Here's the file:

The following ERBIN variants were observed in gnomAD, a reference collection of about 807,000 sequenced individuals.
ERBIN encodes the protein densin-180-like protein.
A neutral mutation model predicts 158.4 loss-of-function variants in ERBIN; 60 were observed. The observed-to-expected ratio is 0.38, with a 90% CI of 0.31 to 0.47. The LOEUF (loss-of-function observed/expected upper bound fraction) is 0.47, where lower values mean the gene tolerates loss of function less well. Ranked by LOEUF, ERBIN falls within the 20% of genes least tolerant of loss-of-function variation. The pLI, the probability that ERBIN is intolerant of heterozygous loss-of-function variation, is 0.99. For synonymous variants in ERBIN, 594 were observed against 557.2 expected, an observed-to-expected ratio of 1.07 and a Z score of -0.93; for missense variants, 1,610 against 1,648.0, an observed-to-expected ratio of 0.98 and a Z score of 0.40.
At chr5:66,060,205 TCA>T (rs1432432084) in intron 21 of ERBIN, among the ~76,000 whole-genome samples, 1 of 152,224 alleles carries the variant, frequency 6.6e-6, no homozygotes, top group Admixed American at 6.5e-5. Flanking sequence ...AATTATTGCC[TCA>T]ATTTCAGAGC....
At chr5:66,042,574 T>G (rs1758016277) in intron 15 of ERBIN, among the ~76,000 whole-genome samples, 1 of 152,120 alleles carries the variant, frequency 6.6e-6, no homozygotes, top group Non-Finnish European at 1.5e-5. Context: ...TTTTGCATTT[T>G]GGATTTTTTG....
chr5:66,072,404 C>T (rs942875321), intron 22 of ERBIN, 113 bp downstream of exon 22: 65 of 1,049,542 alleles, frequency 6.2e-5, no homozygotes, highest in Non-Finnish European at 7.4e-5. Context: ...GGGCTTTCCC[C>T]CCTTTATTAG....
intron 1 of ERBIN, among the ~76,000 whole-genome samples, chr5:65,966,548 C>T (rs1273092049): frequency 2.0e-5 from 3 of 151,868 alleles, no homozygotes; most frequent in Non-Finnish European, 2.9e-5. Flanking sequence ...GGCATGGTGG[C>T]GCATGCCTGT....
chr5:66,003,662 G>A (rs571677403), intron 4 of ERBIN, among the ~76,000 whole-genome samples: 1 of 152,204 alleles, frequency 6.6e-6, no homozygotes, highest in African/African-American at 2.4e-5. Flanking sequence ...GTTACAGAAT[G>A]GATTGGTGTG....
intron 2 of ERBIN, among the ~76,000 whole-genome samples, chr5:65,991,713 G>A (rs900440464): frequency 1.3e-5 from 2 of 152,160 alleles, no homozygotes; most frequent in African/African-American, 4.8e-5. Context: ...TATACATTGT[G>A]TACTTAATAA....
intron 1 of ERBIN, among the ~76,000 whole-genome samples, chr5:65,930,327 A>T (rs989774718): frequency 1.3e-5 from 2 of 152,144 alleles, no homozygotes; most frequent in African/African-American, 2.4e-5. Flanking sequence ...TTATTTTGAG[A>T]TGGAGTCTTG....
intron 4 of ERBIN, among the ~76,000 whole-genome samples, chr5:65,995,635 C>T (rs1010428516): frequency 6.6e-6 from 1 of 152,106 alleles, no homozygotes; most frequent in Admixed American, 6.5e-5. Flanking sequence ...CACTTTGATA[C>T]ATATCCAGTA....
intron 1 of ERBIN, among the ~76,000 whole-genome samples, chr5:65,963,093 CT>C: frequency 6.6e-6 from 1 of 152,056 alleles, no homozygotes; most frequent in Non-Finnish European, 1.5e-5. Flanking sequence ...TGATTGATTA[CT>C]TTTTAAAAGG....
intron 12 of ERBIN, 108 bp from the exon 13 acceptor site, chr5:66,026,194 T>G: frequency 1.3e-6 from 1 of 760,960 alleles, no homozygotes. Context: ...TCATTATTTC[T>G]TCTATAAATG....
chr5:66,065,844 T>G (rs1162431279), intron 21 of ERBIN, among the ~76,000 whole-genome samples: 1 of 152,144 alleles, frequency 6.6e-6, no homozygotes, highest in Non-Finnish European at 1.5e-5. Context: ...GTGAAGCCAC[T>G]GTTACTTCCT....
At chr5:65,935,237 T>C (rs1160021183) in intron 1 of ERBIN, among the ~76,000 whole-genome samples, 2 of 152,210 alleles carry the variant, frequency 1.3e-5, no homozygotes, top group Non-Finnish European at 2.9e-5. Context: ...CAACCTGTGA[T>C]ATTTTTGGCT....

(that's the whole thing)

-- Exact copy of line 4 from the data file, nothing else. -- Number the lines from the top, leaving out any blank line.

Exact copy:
At chr5:66,060,205 TCA>T (rs1432432084) in intron 21 of ERBIN, among the ~76,000 whole-genome samples, 1 of 152,224 alleles carries the variant, frequency 6.6e-6, no homozygotes, top group Admixed American at 6.5e-5. Flanking sequence ...AATTATTGCC[TCA>T]ATTTCAGAGC....